Five years then passed before a new Fleetwood Mac album was issued. Tango In The Night was a dramatic return to form, recapturing all the group's flair and invention with a succession of heartwarming performances in "Little Lies", "Family Man" and "You And I (Part 2)". Christine McVie contributed a further high point with the rhythmic singalong "Anyway". The collection was, however, Lindsey Buckingham's swansong, although his departure from the band was not officially confirmed until June 1988. By that point two replacement singer/guitarists, ex-Thunderbyrd Rick Vito (b. Philadelphia, Pennsylvania, USA) and Billy Burnette (b. William Beau Burnette III, 8 May 1953, Memphis, Tennessee, USA), had joined the remaining quartet. The new line-up's debut, Behind The Mask, ushered in a new decade and era for this tempestuous band that gained strength from adversity and simply refused to die. In recent years the release of The Chain, a box set compiled by Fleetwood, gave the band greater critical acclaim than it had received in several years. In September 1995, Fleetwood self-promoted the excellent Peter Green's Fleetwood Mac: Live At The BBC. This was a project that was dear to his heart, as during the promotion it became clear that Fleetwood still had great emotional nostalgia for the original band and clearly regretted the departure of Green and the subsequent turn of events.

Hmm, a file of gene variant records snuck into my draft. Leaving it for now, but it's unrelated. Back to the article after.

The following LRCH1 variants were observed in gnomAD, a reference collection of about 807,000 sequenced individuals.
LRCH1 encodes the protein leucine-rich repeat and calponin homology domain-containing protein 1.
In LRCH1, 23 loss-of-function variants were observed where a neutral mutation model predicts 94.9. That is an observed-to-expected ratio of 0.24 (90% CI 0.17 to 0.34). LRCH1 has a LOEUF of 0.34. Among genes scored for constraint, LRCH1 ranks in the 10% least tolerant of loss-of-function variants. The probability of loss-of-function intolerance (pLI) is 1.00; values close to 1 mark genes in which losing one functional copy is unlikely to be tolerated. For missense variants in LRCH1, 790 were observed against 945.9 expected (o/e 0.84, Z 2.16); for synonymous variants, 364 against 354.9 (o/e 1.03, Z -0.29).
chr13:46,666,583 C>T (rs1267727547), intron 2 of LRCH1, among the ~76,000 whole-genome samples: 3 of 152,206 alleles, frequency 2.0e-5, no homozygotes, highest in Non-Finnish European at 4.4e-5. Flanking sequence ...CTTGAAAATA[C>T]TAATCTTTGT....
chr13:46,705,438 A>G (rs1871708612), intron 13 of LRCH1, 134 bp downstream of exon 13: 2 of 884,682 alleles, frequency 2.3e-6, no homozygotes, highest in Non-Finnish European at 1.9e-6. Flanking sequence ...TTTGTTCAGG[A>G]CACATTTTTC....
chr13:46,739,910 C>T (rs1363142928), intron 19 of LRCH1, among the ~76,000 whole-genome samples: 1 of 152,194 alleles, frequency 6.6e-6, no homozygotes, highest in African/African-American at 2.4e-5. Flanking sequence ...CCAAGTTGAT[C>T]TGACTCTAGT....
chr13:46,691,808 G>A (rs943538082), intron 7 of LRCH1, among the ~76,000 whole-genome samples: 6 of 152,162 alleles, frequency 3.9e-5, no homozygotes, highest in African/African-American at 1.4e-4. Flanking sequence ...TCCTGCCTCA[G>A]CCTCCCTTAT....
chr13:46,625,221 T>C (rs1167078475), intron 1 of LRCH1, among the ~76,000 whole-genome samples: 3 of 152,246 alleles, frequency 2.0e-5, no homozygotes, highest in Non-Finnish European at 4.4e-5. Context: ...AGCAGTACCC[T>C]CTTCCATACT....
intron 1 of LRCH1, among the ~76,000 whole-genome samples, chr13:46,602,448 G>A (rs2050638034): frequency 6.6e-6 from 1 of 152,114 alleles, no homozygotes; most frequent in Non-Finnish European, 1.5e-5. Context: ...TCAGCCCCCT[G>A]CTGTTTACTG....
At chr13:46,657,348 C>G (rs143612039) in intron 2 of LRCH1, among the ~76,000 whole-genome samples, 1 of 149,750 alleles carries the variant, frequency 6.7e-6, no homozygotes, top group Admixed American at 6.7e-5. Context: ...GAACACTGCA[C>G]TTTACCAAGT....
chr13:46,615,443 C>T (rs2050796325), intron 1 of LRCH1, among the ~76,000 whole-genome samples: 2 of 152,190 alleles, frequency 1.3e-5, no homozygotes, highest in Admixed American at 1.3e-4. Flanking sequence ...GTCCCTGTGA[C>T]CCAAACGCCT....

A month later a new Fleetwood Mac album was released to muted reviews and minimal sales. The addition of ex-Traffic guitarist Dave Mason (b. 10 May 1945, Worcester, England) and Bekka Bramlett (b. 19 April 1968, USA, daughter of Delaney Bramlett and Bonnie Bramlett) for the album Time failed to ignite any spark. The dismal reaction to Time must have prompted Fleetwood to reconsider the band's direction. He had made no secret of the fact that he longed for the days of Green and the latter-day line-up of Nicks and Buckingham. Some diplomacy must have taken place behind closed doors because in the spring of 1997 it was announced that the famous Rumours line-up had reunited and begun recording together. A live album was released in August on the 20th anniversary of Rumours. Bramlett and Burnette formed a country/rock duo in 1997.

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Fleetwood Mac Biography